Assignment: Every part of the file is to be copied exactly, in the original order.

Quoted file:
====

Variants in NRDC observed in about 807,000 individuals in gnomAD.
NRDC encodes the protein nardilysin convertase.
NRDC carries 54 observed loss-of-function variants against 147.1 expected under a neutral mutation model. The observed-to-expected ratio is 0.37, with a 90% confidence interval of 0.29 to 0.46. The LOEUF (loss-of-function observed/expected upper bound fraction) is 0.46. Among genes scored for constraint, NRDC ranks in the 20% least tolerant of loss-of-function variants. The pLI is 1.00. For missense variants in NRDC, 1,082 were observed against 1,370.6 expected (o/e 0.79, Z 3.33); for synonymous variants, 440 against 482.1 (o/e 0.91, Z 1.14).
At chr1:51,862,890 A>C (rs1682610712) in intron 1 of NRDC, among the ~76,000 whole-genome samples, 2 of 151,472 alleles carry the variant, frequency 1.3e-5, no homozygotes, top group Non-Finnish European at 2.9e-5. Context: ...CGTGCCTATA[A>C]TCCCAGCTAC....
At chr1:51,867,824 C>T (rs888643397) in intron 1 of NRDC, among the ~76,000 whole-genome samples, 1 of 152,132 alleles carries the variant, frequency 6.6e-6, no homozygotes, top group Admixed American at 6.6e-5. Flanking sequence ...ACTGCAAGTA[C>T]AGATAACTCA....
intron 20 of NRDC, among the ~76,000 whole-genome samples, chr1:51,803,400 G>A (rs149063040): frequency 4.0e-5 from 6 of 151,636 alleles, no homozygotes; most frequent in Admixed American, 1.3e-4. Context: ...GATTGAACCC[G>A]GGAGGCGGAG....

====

Variants in NRDC observed in about 807,000 individuals in gnomAD.
NRDC encodes the protein nardilysin convertase.
NRDC carries 54 observed loss-of-function variants against 147.1 expected under a neutral mutation model. The observed-to-expected ratio is 0.37, with a 90% confidence interval of 0.29 to 0.46. The LOEUF (loss-of-function observed/expected upper bound fraction) is 0.46. Among genes scored for constraint, NRDC ranks in the 20% least tolerant of loss-of-function variants. The pLI is 1.00. For missense variants in NRDC, 1,082 were observed against 1,370.6 expected (o/e 0.79, Z 3.33); for synonymous variants, 440 against 482.1 (o/e 0.91, Z 1.14).
At chr1:51,862,890 A>C (rs1682610712) in intron 1 of NRDC, among the ~76,000 whole-genome samples, 2 of 151,472 alleles carry the variant, frequency 1.3e-5, no homozygotes, top group Non-Finnish European at 2.9e-5. Context: ...CGTGCCTATA[A>C]TCCCAGCTAC....
At chr1:51,867,824 C>T (rs888643397) in intron 1 of NRDC, among the ~76,000 whole-genome samples, 1 of 152,132 alleles carries the variant, frequency 6.6e-6, no homozygotes, top group Admixed American at 6.6e-5. Flanking sequence ...ACTGCAAGTA[C>T]AGATAACTCA....
intron 20 of NRDC, among the ~76,000 whole-genome samples, chr1:51,803,400 G>A (rs149063040): frequency 4.0e-5 from 6 of 151,636 alleles, no homozygotes; most frequent in Admixed American, 1.3e-4. Context: ...GATTGAACCC[G>A]GGAGGCGGAG....